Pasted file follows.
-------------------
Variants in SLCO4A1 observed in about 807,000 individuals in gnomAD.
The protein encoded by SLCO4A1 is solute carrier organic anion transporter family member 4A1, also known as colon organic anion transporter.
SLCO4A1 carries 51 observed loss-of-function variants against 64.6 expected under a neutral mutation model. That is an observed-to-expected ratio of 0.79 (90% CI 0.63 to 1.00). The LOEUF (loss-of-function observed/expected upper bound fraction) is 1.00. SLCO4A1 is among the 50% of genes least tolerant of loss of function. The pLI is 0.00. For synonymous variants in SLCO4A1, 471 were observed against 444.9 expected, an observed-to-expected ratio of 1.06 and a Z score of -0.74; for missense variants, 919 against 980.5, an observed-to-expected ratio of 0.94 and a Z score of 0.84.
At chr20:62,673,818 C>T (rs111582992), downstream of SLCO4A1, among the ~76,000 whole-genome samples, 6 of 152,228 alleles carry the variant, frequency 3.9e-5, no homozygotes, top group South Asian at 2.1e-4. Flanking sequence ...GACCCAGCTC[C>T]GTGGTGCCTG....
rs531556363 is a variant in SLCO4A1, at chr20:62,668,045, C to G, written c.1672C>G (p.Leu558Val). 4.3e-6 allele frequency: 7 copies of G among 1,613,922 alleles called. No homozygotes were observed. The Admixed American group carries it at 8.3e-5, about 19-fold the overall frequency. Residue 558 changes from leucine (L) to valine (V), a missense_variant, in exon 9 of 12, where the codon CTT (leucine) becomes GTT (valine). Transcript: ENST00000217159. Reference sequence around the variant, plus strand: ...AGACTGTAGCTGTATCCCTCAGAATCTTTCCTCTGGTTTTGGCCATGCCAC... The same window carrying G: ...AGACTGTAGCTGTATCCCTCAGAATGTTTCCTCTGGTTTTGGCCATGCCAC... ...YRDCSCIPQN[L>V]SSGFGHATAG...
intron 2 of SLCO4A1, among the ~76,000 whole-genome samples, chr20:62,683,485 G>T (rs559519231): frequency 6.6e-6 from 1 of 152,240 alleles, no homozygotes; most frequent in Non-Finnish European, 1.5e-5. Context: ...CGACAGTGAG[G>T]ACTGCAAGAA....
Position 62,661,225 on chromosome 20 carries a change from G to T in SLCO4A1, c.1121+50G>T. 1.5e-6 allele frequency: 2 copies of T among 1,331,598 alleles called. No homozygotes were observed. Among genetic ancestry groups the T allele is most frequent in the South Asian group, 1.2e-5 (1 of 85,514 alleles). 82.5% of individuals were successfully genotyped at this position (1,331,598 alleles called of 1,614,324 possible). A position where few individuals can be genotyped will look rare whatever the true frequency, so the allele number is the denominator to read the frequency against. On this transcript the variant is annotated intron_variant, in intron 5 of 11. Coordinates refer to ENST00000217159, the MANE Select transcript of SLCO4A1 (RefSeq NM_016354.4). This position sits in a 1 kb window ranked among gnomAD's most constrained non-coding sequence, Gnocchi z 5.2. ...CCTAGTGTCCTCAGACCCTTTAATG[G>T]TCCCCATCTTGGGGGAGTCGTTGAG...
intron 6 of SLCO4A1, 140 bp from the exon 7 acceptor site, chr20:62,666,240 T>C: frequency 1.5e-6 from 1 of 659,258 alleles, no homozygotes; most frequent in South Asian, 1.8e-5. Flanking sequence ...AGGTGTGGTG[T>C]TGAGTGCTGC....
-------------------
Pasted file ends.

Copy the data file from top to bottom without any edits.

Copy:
Variants in SLCO4A1 observed in about 807,000 individuals in gnomAD.
The protein encoded by SLCO4A1 is solute carrier organic anion transporter family member 4A1, also known as colon organic anion transporter.
SLCO4A1 carries 51 observed loss-of-function variants against 64.6 expected under a neutral mutation model. That is an observed-to-expected ratio of 0.79 (90% CI 0.63 to 1.00). The LOEUF (loss-of-function observed/expected upper bound fraction) is 1.00. SLCO4A1 is among the 50% of genes least tolerant of loss of function. The pLI is 0.00. For synonymous variants in SLCO4A1, 471 were observed against 444.9 expected, an observed-to-expected ratio of 1.06 and a Z score of -0.74; for missense variants, 919 against 980.5, an observed-to-expected ratio of 0.94 and a Z score of 0.84.
At chr20:62,673,818 C>T (rs111582992), downstream of SLCO4A1, among the ~76,000 whole-genome samples, 6 of 152,228 alleles carry the variant, frequency 3.9e-5, no homozygotes, top group South Asian at 2.1e-4. Flanking sequence ...GACCCAGCTC[C>T]GTGGTGCCTG....
rs531556363 is a variant in SLCO4A1, at chr20:62,668,045, C to G, written c.1672C>G (p.Leu558Val). 4.3e-6 allele frequency: 7 copies of G among 1,613,922 alleles called. No homozygotes were observed. The Admixed American group carries it at 8.3e-5, about 19-fold the overall frequency. Residue 558 changes from leucine (L) to valine (V), a missense_variant, in exon 9 of 12, where the codon CTT (leucine) becomes GTT (valine). Transcript: ENST00000217159. Reference sequence around the variant, plus strand: ...AGACTGTAGCTGTATCCCTCAGAATCTTTCCTCTGGTTTTGGCCATGCCAC... The same window carrying G: ...AGACTGTAGCTGTATCCCTCAGAATGTTTCCTCTGGTTTTGGCCATGCCAC... ...YRDCSCIPQN[L>V]SSGFGHATAG...
intron 2 of SLCO4A1, among the ~76,000 whole-genome samples, chr20:62,683,485 G>T (rs559519231): frequency 6.6e-6 from 1 of 152,240 alleles, no homozygotes; most frequent in Non-Finnish European, 1.5e-5. Context: ...CGACAGTGAG[G>T]ACTGCAAGAA....
Position 62,661,225 on chromosome 20 carries a change from G to T in SLCO4A1, c.1121+50G>T. 1.5e-6 allele frequency: 2 copies of T among 1,331,598 alleles called. No homozygotes were observed. Among genetic ancestry groups the T allele is most frequent in the South Asian group, 1.2e-5 (1 of 85,514 alleles). 82.5% of individuals were successfully genotyped at this position (1,331,598 alleles called of 1,614,324 possible). A position where few individuals can be genotyped will look rare whatever the true frequency, so the allele number is the denominator to read the frequency against. On this transcript the variant is annotated intron_variant, in intron 5 of 11. Coordinates refer to ENST00000217159, the MANE Select transcript of SLCO4A1 (RefSeq NM_016354.4). This position sits in a 1 kb window ranked among gnomAD's most constrained non-coding sequence, Gnocchi z 5.2. ...CCTAGTGTCCTCAGACCCTTTAATG[G>T]TCCCCATCTTGGGGGAGTCGTTGAG...
intron 6 of SLCO4A1, 140 bp from the exon 7 acceptor site, chr20:62,666,240 T>C: frequency 1.5e-6 from 1 of 659,258 alleles, no homozygotes; most frequent in South Asian, 1.8e-5. Flanking sequence ...AGGTGTGGTG[T>C]TGAGTGCTGC....